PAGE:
[Moving to the women’s game], the first time I saw women's footy was during my first Nationals in 2008. I umpired a pool match and kept score for the Grand FInal. The passion and enterprise for the game was there, even if the skills weren't. But I was impressed nonetheless, and the women's game has gone from being a small part of the picture here to an equal entity. In more than a decade, we've gone from scrappy play to a very high standard that is being eyeballed by state and first-grade clubs in Australia.

I believe that the growth of women's footy -- both here and overseas -- is as important, if not more important, than the men's game. Men will always want to play the game and be involved. But having strong women's programs, both in number and in quality, lifts the program up to another dimension and makes the club universal. Anyone can play, anyone can be involved, and anyone can ride with the sport for as long as they want to. And if we have good female athletic ambassadors showing the sporting community how good Aussie Rules is, then that benefits the sport as a whole.

We now have 30 of our clubs with some sort of women's participation and that number is steadily growing. It is our hope that in the next several years that number can be closer to 90% of our clubs with women's teams.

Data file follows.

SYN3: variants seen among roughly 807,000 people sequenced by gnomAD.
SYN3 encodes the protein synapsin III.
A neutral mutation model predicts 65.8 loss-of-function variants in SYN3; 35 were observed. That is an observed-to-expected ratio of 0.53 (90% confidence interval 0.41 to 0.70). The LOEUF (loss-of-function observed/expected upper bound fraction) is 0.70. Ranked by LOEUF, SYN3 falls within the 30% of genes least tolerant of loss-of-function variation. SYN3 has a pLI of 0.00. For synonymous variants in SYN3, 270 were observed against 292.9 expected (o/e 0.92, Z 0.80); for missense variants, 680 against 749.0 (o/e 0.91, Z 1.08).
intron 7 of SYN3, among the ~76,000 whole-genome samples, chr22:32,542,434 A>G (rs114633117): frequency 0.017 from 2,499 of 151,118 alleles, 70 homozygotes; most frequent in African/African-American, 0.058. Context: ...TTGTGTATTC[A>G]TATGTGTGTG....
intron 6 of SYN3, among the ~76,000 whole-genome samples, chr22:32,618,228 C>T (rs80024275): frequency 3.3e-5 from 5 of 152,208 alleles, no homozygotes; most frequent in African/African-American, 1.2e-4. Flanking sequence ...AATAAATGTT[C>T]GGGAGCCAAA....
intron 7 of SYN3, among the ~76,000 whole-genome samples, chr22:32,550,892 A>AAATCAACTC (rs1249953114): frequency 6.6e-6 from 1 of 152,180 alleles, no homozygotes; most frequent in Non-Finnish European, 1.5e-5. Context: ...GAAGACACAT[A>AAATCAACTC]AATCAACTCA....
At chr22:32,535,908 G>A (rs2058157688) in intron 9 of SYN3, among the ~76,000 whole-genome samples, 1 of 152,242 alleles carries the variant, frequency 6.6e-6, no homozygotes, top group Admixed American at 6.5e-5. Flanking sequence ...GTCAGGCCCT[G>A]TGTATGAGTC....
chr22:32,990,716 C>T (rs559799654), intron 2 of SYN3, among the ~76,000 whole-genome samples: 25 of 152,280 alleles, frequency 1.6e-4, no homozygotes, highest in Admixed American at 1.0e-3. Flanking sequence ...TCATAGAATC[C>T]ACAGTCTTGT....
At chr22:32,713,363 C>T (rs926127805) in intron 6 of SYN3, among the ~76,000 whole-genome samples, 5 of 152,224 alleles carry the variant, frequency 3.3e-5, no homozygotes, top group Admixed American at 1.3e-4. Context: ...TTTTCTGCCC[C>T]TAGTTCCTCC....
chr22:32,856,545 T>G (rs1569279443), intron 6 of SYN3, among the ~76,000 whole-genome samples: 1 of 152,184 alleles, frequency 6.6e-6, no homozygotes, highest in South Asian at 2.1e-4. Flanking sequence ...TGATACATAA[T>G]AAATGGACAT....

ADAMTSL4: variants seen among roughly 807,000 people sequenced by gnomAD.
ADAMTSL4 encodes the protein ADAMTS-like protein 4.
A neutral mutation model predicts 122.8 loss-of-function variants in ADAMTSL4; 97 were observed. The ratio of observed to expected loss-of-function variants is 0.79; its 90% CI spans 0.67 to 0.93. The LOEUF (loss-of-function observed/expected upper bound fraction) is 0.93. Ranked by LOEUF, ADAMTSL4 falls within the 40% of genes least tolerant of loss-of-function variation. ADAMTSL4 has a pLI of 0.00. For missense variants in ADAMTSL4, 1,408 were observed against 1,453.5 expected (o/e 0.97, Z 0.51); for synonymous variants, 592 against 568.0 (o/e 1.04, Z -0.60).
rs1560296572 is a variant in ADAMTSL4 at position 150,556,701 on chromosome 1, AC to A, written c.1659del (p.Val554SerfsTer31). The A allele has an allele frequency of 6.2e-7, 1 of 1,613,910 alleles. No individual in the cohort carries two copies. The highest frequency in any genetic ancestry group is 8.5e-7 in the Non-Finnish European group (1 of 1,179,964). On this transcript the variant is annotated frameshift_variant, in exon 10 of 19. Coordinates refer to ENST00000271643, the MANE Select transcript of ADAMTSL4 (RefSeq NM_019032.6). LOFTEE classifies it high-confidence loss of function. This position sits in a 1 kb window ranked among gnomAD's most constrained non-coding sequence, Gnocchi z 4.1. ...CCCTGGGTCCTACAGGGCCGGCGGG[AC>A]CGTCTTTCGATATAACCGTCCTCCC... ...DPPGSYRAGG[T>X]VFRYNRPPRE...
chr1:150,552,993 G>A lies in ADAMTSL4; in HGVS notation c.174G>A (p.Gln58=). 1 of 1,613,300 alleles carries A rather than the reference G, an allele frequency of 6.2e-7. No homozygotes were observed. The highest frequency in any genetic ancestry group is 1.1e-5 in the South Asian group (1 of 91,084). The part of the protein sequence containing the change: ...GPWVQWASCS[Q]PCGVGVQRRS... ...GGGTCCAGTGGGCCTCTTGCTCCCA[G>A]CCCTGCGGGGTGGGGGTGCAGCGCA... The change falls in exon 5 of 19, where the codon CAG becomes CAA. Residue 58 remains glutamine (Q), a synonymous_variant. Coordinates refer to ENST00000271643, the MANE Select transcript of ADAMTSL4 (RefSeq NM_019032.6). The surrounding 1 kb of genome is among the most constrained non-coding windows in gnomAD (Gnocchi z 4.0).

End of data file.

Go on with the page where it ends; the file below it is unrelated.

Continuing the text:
What's great about our women's program too is that 90% of our women are American. That means that our clubs, in conjunction with the USAFL Women's Association, are doing a fantastic job recruiting locally.

I think the biggest misconception in terms of Americans, or anyone overseas getting involved in Aussie Rules, is that we want to take it over and homogenize it with the things that make our own sports great. I don't think that's the case at all. We love the sport BECAUSE it is Australian and because it is so unique.

The lifeblood of the game is Australian, after all. Forged by the ones who codified the rules in the 1850's in Melbourne and the ones who played Marngrook for many years before. The heritage belongs to those and to all of the others who have played and supported and managed the game at every level from local on up for the last century plus, and nothing anyone can do can take away from that.

But the game just doesn't belong to Australians anymore. It belongs to those of us who wake up at 1am to watch our teams play, or to listen in because of the scarcity of TV coverage. It belongs to the ones who spend $50 shipping on a $100 guernsey. It belongs to those of us who spend our Wednesday nights in the summer evening heat to train, and those who spend time and money away from their families to go on long road trips to play the sport they love.

We need more hearts being for their game. And that is why I do what I do.